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As far as I know admitting to something while not under oath has no value, as it should. But if there is a case against you with some other solid evidence can an unofficial/not under oath confession be used against you in the US courtroom? And for that matter is confessing to a police officer while not under the oath of the courtroom considered a valid confession?

Also, does recorded audio or video by a civilian, for example, hold value in the US courtroom?


The reason I am asking is because in my country:
1. Any confession or testimony NOT made to a police officer or other similar legal party (we don't have oaths) is completely meaningless. This is because when speaking to a police officer, as he is considered an official representation of the law, etc. you are required to recognise the gravity of the situation and speak only truthfully, therefore anything you say is taken to be truth and can be used as valid testimony.
Similarly if you just randomly tell someone you killed someone you could be joking, not of sound mind, etc. and that is why such a confession is worthless.

.2. Audio or video footage not recorded by a police device or other officially recognised device, such as a security or traffic camera, is also worthless as you can never say for certain said footage is unedited or not inscenuated, i.e. that someone did not hire actors to look like you and perform a crime.

EDIT:
After some more researching it turns out I was wrong. Confessions to a police officer hold a lot more value than ones, say, made on the internet, but the ones on the internet could still be used in court, albeit almost noone would take them seriously for the aforementioned reasons.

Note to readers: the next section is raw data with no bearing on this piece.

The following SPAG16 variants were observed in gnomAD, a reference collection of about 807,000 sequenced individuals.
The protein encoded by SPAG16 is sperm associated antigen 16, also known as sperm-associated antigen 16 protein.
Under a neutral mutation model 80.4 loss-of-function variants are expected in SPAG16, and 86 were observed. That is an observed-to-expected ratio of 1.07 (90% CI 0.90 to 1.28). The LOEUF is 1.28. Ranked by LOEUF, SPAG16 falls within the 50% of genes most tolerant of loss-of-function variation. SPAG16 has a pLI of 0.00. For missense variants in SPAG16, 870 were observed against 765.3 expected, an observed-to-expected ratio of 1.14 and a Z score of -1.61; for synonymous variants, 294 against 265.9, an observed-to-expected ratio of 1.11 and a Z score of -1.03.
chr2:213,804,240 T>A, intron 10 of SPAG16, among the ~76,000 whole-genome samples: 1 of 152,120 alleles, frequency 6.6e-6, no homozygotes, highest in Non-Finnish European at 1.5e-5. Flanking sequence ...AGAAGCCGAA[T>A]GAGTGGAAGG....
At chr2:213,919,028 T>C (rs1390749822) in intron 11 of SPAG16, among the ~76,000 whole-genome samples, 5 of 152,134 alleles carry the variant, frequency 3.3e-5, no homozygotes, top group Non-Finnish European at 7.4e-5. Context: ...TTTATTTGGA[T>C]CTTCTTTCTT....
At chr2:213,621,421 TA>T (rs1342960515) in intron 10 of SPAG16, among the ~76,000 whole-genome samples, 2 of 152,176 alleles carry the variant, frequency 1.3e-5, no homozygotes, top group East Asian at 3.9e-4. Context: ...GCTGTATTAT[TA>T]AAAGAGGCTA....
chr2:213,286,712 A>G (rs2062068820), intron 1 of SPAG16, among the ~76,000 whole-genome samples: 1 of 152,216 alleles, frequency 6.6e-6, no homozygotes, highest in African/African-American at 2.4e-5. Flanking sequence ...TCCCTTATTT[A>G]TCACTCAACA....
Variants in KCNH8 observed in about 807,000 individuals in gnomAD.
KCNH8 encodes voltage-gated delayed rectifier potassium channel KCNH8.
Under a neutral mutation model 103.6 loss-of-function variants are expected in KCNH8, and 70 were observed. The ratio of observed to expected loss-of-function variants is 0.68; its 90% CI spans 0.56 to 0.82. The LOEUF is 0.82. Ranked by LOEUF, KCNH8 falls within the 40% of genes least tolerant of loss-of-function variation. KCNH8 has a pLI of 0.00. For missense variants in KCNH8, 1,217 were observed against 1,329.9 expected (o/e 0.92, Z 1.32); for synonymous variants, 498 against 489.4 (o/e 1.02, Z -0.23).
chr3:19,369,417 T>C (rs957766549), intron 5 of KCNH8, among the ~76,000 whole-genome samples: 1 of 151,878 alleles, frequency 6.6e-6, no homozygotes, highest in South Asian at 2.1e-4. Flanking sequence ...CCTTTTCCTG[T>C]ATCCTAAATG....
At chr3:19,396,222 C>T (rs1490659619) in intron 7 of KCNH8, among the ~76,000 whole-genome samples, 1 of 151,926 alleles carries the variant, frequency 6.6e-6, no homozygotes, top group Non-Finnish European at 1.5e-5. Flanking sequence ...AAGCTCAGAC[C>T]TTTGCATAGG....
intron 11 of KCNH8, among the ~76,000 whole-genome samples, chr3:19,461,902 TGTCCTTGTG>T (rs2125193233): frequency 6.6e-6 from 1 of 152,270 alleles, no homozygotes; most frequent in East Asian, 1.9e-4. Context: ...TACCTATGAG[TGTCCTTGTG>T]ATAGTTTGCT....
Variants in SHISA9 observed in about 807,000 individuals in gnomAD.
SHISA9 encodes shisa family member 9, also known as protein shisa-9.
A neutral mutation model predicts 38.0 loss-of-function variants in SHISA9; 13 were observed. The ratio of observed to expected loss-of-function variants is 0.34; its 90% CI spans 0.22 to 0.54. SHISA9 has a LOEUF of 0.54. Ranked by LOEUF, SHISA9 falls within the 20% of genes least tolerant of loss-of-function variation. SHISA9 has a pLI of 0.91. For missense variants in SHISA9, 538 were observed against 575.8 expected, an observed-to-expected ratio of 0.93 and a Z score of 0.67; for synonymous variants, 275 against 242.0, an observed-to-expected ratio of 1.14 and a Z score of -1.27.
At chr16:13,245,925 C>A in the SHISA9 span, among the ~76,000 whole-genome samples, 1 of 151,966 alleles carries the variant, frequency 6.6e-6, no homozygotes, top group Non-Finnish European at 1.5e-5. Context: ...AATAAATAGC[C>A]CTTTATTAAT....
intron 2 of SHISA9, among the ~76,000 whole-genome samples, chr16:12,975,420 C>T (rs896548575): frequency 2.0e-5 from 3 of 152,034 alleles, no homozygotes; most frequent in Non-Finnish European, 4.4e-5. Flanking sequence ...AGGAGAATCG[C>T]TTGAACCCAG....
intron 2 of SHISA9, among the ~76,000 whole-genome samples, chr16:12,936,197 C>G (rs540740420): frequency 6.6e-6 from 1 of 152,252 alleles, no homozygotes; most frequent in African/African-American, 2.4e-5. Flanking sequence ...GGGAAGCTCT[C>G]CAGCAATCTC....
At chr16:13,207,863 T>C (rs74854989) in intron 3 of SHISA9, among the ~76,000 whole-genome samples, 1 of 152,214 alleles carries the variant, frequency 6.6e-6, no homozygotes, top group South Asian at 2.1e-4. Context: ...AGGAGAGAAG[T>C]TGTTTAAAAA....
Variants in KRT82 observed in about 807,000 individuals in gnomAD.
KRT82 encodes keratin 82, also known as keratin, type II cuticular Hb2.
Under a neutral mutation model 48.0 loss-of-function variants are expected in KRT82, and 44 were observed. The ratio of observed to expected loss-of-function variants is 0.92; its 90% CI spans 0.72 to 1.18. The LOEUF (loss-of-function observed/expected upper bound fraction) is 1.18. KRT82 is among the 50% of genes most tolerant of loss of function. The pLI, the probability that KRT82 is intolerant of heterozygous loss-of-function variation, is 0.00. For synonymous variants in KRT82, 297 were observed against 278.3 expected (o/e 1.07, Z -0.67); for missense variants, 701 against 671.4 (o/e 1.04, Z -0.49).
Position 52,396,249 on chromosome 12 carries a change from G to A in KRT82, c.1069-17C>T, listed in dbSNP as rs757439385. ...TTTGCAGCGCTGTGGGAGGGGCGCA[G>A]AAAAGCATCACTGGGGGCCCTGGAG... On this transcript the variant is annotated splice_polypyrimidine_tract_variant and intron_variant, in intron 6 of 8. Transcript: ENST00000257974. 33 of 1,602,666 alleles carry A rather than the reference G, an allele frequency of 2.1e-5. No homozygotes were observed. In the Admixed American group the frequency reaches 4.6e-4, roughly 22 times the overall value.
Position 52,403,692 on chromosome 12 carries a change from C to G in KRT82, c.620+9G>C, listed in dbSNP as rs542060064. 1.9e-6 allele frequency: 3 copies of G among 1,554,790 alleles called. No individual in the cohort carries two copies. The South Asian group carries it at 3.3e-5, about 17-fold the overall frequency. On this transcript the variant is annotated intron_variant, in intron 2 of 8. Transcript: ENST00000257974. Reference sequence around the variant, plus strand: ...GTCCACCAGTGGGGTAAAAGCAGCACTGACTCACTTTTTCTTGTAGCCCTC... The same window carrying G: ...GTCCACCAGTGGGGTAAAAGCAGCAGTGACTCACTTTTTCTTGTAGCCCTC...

Confessions to civilians, however, are different because in that manner the civilian appears in the form of a witness, which has value.

As for audio and video recordings it turns out it doesn't matter if they are made by a civilian or a security camera, both can be used in court but rarely have too much value for the aforementioned reasons.

In the end here, and as I believe elsewhere, you need more than circumstantial evidence to successfully convict a person (you need witnesses, direct evidence, etc.).

  • Your presumption is incorrect. Police interrogations are not conducted under oath or under penalty of perjury, yet they have evidential value. – phoog May 24 '16 at 4:58
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Your confessions, to anyone, can be used against you. If A admits to B that A stole the car, B can testify to what A said. In fact, if B accuses A of a crime and A says nothing (and C witnesses this), C can testify as to what B and A said (or didn't say) – this is known as an adoptive admission, and it is up to the jury to decide if they think the silence is significant. Recordings are likewise admissible. All evidence is in principle defeasible, so if there is a video of "you" committing a crime, you can make the case that it wasn't really you, and the jury will weigh the evidence to see if they are firmly convinced that you did commit the crime (at least in New Jersey... long story about 'burden of proof').

  • Sorry about my earlier comment, after researching some more I found out we have similar laws and that such recording CAN be used in court but are not definitive proof. The same with confessions. – mathgenius May 24 '16 at 20:50

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